“The Book of Eli”
Directed by: Albert Hughes and Allen Hughes
Starring: Denzel Washington, Gary Oldman and Mila Kunis
Run time: 118 min.
Rating: 2 stars
“The Book of Eli” is a story audiences have seen in theaters plenty of times before: In a post-apocalyptic future, one man holds the key to civilization’s salvation. There are some interesting political and religious implications here, but overall “The Book of Eli” is reminiscent of “I Am Legend” and several other similar films.
In fact, it’s hard not to make comparisons to other more memorable movies. The set and costume design in “The Book of Eli” are reminiscent of “Mad Max,” although here they are tamer and certainly more boring by comparison.
There are some cool graphics—like a bombed-out valley—and even some neat shots. But the over-saturated filming style quickly grows old and makes the movie feel flat. Not to mention, it’s been done by every amateur filmmaker thousands of times. And no, this really doesn’t make it look more like a John Ford western.
There is a “twist” at the end that harkens back to almost any movie done by M. Night Shyamalan within recent memory, but this is no “Sixth Sense.” In fact, the twist is as implausible as the movie’s soundtrack, which is provided by an iPod in a world that lacks any electricity to recharge it.
Of course the Hughes brothers don’t have a lot of reputable credits to their name in the first place. Their curriculum vitae includes such forgettable movies as “American Pimp,” “Dead Presidents,” and “Menace II Society.” Frankly, with a resume like that, it’s a miracle they got the financial backing to pull in an actor like Denzel Washington (“The Taking of Pelham 1 2 3”).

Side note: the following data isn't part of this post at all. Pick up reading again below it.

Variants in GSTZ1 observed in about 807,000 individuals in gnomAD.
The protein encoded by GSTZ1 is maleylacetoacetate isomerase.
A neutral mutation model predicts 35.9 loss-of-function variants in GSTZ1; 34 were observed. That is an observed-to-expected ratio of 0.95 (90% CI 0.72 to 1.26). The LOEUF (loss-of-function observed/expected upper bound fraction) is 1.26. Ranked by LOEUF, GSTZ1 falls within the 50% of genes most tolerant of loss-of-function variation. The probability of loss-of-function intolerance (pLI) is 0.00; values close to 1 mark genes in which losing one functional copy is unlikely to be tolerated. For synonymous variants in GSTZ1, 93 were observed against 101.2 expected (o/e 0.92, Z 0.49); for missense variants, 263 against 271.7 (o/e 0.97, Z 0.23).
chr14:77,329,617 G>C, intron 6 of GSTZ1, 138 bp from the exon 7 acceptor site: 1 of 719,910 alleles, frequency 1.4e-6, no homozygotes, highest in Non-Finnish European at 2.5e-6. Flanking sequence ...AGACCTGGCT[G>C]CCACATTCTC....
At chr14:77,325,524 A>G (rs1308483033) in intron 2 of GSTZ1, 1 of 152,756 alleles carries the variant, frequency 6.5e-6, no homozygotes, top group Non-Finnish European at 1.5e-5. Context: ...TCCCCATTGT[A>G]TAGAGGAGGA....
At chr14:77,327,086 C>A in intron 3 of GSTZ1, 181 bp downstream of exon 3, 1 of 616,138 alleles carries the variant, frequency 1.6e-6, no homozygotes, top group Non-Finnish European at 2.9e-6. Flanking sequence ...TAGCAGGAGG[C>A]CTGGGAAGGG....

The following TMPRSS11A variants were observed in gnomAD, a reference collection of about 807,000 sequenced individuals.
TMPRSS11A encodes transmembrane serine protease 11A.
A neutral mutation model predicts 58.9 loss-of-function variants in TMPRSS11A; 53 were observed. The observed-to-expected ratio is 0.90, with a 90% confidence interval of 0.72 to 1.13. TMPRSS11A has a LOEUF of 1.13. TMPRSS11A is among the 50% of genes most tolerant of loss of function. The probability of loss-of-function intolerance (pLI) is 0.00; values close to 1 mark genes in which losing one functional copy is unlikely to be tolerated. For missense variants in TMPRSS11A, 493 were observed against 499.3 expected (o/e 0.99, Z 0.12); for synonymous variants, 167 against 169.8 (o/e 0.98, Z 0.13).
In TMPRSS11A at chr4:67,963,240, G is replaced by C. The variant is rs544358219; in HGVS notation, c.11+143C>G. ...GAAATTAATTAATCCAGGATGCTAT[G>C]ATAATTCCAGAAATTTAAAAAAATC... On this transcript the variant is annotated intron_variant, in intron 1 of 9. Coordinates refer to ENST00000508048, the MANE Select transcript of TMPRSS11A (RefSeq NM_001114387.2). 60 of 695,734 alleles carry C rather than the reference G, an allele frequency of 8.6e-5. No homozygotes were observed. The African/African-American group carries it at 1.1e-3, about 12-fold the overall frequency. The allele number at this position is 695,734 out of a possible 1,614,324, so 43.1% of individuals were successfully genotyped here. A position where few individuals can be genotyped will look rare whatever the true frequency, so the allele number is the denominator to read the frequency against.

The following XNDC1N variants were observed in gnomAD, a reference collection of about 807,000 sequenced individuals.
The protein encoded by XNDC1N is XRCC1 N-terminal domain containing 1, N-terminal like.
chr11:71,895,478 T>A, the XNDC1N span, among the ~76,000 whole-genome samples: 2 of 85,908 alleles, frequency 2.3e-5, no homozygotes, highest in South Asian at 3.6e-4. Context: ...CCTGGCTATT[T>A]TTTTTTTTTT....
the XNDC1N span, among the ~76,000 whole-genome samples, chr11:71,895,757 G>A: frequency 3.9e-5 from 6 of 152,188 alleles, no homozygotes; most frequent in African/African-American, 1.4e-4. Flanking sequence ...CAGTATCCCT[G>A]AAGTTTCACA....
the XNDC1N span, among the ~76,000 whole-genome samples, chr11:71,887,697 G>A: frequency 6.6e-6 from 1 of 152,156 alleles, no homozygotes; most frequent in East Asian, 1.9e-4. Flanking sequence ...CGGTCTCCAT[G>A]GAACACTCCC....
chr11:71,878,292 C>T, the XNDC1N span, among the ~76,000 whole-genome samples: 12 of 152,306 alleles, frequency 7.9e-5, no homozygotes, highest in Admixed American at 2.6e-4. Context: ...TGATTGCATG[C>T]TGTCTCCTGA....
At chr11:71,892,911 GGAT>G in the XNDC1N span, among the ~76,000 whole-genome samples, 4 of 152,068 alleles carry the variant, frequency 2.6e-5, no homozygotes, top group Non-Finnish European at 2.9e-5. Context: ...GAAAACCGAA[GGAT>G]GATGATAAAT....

Washington is the only thing that saves this movie from the obscurity the other flicks produced by this duo of directors have sunk into. His masterful performance is the only interesting thing about “The Book of Eli,” despite Gary Oldman’s (“The Unborn”) presence.
But still, the movie tries too hard to make Washington’s character a hero. This is what makes the movie fall apart: the ending. Most of the movie is tepid and passable, but the ending pushes it into the laughable. Even the parting cheesy walk-into-the-sunset shot of Mila Kunis (“Extract”) is overdone.
The premise of the movie (which can’t be divulged without spoiling it) is an interesting concept, but in the end “The Book of Eli” is highly derivative movie that soullessly plunders successful movies without gaining anything for its efforts.